3. Kendra J Patterson

    I agree it should’ve been flagged. I don’t describe people that way but I’ve read things like that a lot. It’s demeaning IMO. I do however describe myself as being “as white as you can be next to albino.” It’s not something I’d say about others but I’ve said it about myself.

  4. Skin colour is almost always a political concept rather than anything to do with actual colour. My fair German husband once compared his arm with that of my uni best friend who was ‘black’ Trinidadian. His summer skin was at least a degree darker than hers, if anyone was looking for a crayon or make-up. .
    Having said that, I too would initially have thought of ‘stained’ as being an art term. But I wouldn’t use it because it’s quite obvious if you think for more than a second that it can be taken very differently. I would suspect the writer is naive and the editor blinkered. They need people like you to call them on their ‘blindness’ – maybe as someone who admires the books and as a writer yourself you could write to the publishers praising the book but explaining how that word choice hurt.
    Meanwhile, thanks for opening the discussion.

  5. Chris Gorman

    ok- Stain may have dual connotations and could be perceived as inappropriate. Stained teeth by red wine and coffee is deemed un-attractive, however stained wood, whereby by the stain enhances and brings forth the richness of the grain and depth of character is complimentary. Antique Colonial houses used stain to improve appearances, prior to development of paint, and I grew in one such house in Rhode Island. It seems a glass half full/empty type of conundrum and depends upon the readers perspective, as beauty is dependent upon the eye of the beholder?

  6. voyagerrenee8

    You are leading by example Ms Ford and I have tremendous respect for the way you invite discussion and learning without creating total censure or divisiveness. To me those words are ugly in any context related to skin color. Having said that, I am white and have been lucky to have people around me and lessons from diversity training that have given me a deeper understanding of why this discussion is so important. If I read these words 10 years ago, I think I would have breezed right by it without much thought….and still maintained I embrace diversity and inclusion. Growing up white IS a different experience from those of colour & we must keep the dialogue going to mitigate unconcious bias. I needed to read your post today. It gave me faith that we can continue to try to learn from each other vs slaming doors, building walls, and perpetuating hateful divides.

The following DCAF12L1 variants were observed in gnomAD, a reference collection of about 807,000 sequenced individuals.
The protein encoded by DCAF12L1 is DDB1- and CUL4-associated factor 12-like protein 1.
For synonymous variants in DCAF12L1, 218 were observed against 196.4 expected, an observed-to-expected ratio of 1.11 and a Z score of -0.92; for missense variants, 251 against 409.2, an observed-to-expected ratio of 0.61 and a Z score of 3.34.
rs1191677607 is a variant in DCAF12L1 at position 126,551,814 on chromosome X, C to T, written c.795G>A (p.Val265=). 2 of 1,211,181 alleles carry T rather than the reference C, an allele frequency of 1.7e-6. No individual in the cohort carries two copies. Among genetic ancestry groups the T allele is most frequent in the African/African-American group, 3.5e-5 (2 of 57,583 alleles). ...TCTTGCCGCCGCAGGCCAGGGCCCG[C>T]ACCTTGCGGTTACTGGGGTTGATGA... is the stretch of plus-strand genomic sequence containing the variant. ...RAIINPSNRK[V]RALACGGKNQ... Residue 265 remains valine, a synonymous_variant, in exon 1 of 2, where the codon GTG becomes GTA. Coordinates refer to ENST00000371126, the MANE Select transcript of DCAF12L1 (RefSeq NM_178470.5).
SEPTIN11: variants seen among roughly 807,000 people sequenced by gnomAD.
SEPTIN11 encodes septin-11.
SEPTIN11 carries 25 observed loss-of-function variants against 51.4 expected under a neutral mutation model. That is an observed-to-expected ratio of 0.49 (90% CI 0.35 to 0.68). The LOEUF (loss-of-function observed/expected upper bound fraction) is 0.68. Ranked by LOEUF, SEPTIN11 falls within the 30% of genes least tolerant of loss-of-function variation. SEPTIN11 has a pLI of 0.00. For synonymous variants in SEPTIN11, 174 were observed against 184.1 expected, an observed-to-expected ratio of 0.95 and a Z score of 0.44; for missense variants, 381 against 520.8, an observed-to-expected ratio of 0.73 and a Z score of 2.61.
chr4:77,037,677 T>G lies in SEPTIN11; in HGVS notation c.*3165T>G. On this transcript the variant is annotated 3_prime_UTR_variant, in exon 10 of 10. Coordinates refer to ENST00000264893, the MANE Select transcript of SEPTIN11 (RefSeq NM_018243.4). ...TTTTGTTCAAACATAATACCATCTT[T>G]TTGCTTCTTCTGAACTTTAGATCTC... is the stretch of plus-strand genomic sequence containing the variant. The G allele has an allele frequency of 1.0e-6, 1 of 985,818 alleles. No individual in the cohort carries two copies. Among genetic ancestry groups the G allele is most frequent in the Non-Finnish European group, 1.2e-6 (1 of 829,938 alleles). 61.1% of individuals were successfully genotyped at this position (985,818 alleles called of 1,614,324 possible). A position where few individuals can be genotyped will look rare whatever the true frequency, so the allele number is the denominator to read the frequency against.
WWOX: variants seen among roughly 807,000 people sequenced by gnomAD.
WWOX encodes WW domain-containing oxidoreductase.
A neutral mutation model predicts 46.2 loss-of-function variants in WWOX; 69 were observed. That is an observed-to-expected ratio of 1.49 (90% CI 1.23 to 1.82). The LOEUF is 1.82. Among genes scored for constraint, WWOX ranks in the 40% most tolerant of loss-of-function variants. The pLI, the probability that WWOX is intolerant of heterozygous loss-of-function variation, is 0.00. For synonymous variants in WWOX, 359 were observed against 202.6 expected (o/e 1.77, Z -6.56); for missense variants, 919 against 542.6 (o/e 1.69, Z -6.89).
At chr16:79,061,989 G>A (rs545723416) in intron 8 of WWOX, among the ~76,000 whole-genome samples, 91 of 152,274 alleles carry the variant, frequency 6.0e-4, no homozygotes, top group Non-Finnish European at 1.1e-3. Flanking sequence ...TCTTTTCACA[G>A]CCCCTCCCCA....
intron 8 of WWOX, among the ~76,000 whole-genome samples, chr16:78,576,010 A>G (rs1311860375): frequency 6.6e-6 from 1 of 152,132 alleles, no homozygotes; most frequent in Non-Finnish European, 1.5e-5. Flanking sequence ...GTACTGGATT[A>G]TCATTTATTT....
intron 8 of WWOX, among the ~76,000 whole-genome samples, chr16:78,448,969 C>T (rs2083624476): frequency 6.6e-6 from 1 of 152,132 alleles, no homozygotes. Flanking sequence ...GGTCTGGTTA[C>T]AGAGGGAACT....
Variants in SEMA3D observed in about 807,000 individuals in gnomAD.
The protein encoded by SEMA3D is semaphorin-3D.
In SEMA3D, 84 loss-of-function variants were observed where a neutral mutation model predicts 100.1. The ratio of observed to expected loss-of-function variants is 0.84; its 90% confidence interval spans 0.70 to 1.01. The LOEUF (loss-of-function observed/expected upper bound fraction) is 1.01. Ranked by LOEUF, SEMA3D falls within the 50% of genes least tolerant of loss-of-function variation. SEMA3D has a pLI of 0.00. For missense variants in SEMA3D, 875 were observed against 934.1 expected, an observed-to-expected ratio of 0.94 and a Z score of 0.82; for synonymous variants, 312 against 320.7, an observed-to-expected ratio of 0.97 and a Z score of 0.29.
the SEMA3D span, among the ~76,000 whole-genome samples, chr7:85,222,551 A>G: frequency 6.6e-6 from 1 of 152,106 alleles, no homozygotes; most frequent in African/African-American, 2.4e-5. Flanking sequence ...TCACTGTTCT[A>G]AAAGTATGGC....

1. I think we should always talk about things. And see where we are in life. Because the world changes and we evolve our language. I am always up for a discussion on how we can bridge understanding

  7. Gail

    I find most romance writers I read use more flattering terms to describe skin color, caramel, mocha, chocolate… lucious foods mostly, and beautifully descriptive. Maybe that’s why I enjoy them so much, all skin is appreciated.

    1. There’s some controversy about using foods as descriptors for skin tones and that’s not something I’ve unpacked for myself. I dont normally? Or at least I don’t think I do. 😀

  8. Katherine M Stice

    The question of what words to use to describe someone with a physical or mental challenge can also present challenges. There are many web sites purporting to list the most PC terms to use, but just about any word or phrasing could be challenged by someone as having negative connotations. I use a wheelchair to get around. Technically, I am “confined to a wheelchair,” but what’s the point of saying that? Are people who walk “confined” to shoes? I prefer to just state the fact that I use a wheelchair, just as an able-bodied person uses shoes to walk in. And what does mentioning the wheelchair have to do with me, the person. The debate rages on for most of the terms you can come up with. The cumulative effect in society of using words with negative connotations, though, is important, even if it’s subconscious.

    I don’t get too hung up about the terms people use to describe me. I pick my battles, and making the world more accessible to everyone is more important than what people call me…actions speak louder than words, or something like that. Some people with skin colors of various shades may or may not care so much about the words used either. But as Rhys says, “do you see the words? Do you hear yourself say the things you say? Do you see the ripples they cause? Do you care?” As someone who is trying to learn to write fiction — and write it well — I must keep reminding myself to get out of my comfort zone when coming up with characters, and to be very thoughtful about how I describe those characters.